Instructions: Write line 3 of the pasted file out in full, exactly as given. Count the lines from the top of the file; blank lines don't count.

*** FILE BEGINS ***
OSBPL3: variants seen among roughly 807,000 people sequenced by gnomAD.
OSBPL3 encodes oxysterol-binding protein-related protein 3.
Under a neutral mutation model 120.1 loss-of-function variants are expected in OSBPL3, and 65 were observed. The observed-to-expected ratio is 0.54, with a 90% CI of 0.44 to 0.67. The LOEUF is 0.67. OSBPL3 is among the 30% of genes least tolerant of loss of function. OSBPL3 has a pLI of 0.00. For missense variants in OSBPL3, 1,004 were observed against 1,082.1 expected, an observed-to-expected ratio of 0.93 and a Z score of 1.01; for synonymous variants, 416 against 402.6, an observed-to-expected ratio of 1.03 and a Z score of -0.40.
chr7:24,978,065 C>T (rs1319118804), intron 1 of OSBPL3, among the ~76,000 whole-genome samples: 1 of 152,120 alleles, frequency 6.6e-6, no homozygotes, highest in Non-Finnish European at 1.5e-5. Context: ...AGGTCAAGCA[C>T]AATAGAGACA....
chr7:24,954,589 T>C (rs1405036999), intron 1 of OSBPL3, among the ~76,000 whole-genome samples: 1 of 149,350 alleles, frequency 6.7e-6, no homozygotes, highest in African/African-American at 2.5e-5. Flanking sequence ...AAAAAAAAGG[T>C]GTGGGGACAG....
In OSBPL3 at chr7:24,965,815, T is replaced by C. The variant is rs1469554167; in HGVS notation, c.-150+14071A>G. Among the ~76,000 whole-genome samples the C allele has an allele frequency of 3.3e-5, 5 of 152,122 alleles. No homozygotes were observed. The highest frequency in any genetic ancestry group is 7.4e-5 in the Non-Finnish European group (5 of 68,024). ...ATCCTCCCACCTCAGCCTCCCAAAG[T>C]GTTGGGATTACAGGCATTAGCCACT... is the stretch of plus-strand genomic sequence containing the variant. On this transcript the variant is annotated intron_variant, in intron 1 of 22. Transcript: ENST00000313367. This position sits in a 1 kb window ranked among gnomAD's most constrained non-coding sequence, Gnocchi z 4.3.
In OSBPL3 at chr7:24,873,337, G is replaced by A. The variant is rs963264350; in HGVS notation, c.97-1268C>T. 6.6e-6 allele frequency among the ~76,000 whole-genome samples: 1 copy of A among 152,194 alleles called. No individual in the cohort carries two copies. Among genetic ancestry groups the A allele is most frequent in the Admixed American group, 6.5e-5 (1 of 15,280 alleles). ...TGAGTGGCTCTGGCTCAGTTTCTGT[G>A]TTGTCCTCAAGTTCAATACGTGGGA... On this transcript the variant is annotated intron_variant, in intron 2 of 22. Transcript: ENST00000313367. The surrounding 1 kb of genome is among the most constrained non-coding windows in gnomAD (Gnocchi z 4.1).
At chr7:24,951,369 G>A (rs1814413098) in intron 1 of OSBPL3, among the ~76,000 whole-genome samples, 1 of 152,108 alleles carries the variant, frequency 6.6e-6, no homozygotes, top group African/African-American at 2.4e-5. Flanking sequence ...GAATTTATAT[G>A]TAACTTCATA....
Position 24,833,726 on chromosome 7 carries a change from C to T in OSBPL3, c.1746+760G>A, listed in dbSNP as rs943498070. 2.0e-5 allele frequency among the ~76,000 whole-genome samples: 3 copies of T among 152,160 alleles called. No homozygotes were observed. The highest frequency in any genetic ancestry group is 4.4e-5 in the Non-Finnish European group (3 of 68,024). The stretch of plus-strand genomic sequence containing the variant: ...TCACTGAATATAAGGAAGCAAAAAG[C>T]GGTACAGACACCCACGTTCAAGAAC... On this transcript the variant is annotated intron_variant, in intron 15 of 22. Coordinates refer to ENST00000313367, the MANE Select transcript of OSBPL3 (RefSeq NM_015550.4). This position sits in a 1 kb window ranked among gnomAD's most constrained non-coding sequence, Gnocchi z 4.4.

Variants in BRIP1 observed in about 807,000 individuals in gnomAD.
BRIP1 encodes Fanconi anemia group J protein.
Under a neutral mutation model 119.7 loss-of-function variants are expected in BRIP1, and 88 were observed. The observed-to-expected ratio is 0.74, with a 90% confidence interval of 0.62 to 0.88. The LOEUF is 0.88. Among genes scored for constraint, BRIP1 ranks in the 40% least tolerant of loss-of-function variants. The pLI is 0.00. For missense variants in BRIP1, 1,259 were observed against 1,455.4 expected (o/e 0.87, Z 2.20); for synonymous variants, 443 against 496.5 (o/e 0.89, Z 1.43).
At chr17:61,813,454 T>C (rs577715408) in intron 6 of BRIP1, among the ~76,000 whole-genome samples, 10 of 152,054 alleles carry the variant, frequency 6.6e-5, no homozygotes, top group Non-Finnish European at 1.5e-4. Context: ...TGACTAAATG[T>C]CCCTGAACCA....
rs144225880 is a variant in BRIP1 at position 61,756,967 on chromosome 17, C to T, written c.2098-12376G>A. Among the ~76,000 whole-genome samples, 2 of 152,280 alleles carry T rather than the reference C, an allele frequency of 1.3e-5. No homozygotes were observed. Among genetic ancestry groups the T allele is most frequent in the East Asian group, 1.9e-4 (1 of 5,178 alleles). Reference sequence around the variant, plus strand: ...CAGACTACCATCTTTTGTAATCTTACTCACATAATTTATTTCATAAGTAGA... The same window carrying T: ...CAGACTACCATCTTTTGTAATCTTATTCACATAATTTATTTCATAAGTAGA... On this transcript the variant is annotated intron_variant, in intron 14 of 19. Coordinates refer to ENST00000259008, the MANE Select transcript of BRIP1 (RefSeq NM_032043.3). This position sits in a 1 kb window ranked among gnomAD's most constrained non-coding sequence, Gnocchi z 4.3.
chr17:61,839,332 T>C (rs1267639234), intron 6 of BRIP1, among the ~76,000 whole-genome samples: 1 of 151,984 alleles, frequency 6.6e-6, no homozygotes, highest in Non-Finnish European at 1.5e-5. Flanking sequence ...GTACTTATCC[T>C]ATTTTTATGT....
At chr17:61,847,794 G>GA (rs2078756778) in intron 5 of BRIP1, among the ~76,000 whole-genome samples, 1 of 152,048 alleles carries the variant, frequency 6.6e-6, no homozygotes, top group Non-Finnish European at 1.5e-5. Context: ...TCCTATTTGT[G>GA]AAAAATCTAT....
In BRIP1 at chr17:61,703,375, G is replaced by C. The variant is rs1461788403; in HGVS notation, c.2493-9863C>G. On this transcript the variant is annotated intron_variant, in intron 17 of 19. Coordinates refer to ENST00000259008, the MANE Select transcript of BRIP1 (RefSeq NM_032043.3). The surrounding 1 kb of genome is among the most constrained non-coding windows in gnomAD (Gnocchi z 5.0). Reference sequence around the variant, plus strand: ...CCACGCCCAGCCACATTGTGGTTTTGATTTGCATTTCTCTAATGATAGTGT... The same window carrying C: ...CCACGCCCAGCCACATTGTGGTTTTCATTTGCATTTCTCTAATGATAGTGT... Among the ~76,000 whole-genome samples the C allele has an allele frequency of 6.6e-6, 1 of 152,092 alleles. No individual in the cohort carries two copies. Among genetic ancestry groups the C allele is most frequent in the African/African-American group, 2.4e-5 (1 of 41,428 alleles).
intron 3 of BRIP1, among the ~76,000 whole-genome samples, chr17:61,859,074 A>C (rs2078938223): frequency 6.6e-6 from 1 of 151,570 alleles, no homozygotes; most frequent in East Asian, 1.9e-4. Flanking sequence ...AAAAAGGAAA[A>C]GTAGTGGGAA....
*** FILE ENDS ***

Under a neutral mutation model 120.1 loss-of-function variants are expected in OSBPL3, and 65 were observed. The observed-to-expected ratio is 0.54, with a 90% CI of 0.44 to 0.67. The LOEUF is 0.67. OSBPL3 is among the 30% of genes least tolerant of loss of function. OSBPL3 has a pLI of 0.00. For missense variants in OSBPL3, 1,004 were observed against 1,082.1 expected, an observed-to-expected ratio of 0.93 and a Z score of 1.01; for synonymous variants, 416 against 402.6, an observed-to-expected ratio of 1.03 and a Z score of -0.40.